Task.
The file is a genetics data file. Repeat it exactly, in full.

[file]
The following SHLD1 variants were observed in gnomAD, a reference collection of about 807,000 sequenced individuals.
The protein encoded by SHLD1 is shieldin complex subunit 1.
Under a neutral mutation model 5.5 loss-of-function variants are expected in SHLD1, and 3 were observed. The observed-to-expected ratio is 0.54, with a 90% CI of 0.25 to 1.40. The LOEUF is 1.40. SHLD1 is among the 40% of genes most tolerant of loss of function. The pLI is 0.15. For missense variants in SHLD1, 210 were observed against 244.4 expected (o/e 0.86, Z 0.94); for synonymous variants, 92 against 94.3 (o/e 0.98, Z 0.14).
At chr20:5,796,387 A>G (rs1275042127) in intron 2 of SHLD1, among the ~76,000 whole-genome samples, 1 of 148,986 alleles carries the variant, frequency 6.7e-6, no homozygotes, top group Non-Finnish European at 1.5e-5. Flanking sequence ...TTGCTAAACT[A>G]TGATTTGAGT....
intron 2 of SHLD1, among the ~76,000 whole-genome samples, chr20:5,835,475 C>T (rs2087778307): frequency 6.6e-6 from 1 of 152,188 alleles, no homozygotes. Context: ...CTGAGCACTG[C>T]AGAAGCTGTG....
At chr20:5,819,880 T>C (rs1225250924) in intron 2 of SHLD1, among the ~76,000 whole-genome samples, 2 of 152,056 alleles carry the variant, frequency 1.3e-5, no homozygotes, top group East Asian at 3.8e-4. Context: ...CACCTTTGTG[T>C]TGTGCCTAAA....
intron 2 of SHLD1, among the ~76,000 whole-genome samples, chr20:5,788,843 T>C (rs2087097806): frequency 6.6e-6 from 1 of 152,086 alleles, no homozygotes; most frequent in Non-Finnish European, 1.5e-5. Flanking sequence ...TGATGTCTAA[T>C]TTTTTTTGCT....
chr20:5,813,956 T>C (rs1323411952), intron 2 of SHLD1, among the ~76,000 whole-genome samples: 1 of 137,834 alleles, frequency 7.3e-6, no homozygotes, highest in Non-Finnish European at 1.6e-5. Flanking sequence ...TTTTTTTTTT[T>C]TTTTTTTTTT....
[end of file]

The following SHLD1 variants were observed in gnomAD, a reference collection of about 807,000 sequenced individuals.
The protein encoded by SHLD1 is shieldin complex subunit 1.
Under a neutral mutation model 5.5 loss-of-function variants are expected in SHLD1, and 3 were observed. The observed-to-expected ratio is 0.54, with a 90% CI of 0.25 to 1.40. The LOEUF is 1.40. SHLD1 is among the 40% of genes most tolerant of loss of function. The pLI is 0.15. For missense variants in SHLD1, 210 were observed against 244.4 expected (o/e 0.86, Z 0.94); for synonymous variants, 92 against 94.3 (o/e 0.98, Z 0.14).
At chr20:5,796,387 A>G (rs1275042127) in intron 2 of SHLD1, among the ~76,000 whole-genome samples, 1 of 148,986 alleles carries the variant, frequency 6.7e-6, no homozygotes, top group Non-Finnish European at 1.5e-5. Flanking sequence ...TTGCTAAACT[A>G]TGATTTGAGT....
intron 2 of SHLD1, among the ~76,000 whole-genome samples, chr20:5,835,475 C>T (rs2087778307): frequency 6.6e-6 from 1 of 152,188 alleles, no homozygotes. Context: ...CTGAGCACTG[C>T]AGAAGCTGTG....
At chr20:5,819,880 T>C (rs1225250924) in intron 2 of SHLD1, among the ~76,000 whole-genome samples, 2 of 152,056 alleles carry the variant, frequency 1.3e-5, no homozygotes, top group East Asian at 3.8e-4. Context: ...CACCTTTGTG[T>C]TGTGCCTAAA....
intron 2 of SHLD1, among the ~76,000 whole-genome samples, chr20:5,788,843 T>C (rs2087097806): frequency 6.6e-6 from 1 of 152,086 alleles, no homozygotes; most frequent in Non-Finnish European, 1.5e-5. Flanking sequence ...TGATGTCTAA[T>C]TTTTTTTGCT....
chr20:5,813,956 T>C (rs1323411952), intron 2 of SHLD1, among the ~76,000 whole-genome samples: 1 of 137,834 alleles, frequency 7.3e-6, no homozygotes, highest in Non-Finnish European at 1.6e-5. Flanking sequence ...TTTTTTTTTT[T>C]TTTTTTTTTT....